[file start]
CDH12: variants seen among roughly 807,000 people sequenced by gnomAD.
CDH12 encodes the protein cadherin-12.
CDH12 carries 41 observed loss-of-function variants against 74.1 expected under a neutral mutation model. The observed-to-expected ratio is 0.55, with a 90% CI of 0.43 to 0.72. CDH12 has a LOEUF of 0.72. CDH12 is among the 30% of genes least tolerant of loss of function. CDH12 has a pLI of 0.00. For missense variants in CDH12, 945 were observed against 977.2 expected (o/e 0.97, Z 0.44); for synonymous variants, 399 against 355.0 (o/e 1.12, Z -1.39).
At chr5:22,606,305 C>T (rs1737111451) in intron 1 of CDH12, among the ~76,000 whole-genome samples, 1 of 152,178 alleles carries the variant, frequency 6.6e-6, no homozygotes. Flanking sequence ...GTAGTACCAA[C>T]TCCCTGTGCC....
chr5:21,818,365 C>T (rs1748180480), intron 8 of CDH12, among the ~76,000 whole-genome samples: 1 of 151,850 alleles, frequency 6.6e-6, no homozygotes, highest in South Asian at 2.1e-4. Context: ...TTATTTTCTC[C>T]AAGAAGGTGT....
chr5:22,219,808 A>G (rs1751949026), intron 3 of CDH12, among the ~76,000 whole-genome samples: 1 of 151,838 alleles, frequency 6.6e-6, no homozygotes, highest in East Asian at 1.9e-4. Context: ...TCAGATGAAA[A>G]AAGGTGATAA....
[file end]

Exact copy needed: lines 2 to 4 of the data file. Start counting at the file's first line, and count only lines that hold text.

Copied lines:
CDH12 encodes the protein cadherin-12.
CDH12 carries 41 observed loss-of-function variants against 74.1 expected under a neutral mutation model. The observed-to-expected ratio is 0.55, with a 90% CI of 0.43 to 0.72. CDH12 has a LOEUF of 0.72. CDH12 is among the 30% of genes least tolerant of loss of function. CDH12 has a pLI of 0.00. For missense variants in CDH12, 945 were observed against 977.2 expected (o/e 0.97, Z 0.44); for synonymous variants, 399 against 355.0 (o/e 1.12, Z -1.39).
At chr5:22,606,305 C>T (rs1737111451) in intron 1 of CDH12, among the ~76,000 whole-genome samples, 1 of 152,178 alleles carries the variant, frequency 6.6e-6, no homozygotes. Flanking sequence ...GTAGTACCAA[C>T]TCCCTGTGCC....